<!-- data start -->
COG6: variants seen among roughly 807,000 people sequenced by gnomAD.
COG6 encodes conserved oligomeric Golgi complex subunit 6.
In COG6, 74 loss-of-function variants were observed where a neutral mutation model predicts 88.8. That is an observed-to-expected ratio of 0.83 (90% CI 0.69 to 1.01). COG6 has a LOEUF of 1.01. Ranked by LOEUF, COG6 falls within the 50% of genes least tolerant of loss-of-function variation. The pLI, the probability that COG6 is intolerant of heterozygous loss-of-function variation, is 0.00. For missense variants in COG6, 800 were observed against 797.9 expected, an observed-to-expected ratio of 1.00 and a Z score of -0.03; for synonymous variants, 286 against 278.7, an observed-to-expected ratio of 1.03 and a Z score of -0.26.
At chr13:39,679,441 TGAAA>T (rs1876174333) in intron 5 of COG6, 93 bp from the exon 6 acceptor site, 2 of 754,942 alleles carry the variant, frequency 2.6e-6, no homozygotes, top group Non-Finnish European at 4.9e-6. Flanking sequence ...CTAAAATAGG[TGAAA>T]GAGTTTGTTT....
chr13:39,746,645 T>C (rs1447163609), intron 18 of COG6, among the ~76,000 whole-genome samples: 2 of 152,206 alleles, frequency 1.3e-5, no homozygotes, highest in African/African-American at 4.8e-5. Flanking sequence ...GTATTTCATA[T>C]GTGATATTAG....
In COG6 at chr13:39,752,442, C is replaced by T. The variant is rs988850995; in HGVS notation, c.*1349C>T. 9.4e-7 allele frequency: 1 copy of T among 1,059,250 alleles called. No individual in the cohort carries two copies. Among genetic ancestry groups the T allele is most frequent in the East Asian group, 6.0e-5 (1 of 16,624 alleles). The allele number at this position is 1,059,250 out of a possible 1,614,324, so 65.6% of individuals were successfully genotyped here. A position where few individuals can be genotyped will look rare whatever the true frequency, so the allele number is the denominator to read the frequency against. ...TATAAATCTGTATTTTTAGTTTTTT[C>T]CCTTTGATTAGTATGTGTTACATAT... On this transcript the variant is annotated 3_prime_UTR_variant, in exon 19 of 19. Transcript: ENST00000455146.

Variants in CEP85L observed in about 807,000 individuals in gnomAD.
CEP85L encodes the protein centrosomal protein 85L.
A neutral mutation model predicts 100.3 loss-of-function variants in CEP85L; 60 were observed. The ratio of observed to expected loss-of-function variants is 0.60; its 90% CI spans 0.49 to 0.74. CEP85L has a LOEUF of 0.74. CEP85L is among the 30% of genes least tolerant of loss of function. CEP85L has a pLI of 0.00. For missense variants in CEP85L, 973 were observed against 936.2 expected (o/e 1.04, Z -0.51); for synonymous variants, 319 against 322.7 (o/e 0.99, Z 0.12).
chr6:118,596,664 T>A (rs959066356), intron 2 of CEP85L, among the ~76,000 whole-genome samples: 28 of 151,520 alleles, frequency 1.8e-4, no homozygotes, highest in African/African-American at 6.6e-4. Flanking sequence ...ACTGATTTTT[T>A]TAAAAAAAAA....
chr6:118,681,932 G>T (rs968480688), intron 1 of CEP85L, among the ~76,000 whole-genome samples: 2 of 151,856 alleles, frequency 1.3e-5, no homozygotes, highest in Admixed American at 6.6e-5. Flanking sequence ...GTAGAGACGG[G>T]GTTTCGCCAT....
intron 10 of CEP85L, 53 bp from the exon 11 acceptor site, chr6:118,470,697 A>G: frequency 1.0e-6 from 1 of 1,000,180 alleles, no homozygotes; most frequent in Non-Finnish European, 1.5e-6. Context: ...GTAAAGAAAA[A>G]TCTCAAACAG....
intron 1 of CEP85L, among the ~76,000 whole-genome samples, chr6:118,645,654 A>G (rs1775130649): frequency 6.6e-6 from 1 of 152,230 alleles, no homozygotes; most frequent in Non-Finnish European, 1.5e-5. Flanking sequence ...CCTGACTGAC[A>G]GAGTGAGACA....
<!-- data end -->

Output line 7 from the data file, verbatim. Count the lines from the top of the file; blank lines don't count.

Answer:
Variants in CEP85L observed in about 807,000 individuals in gnomAD.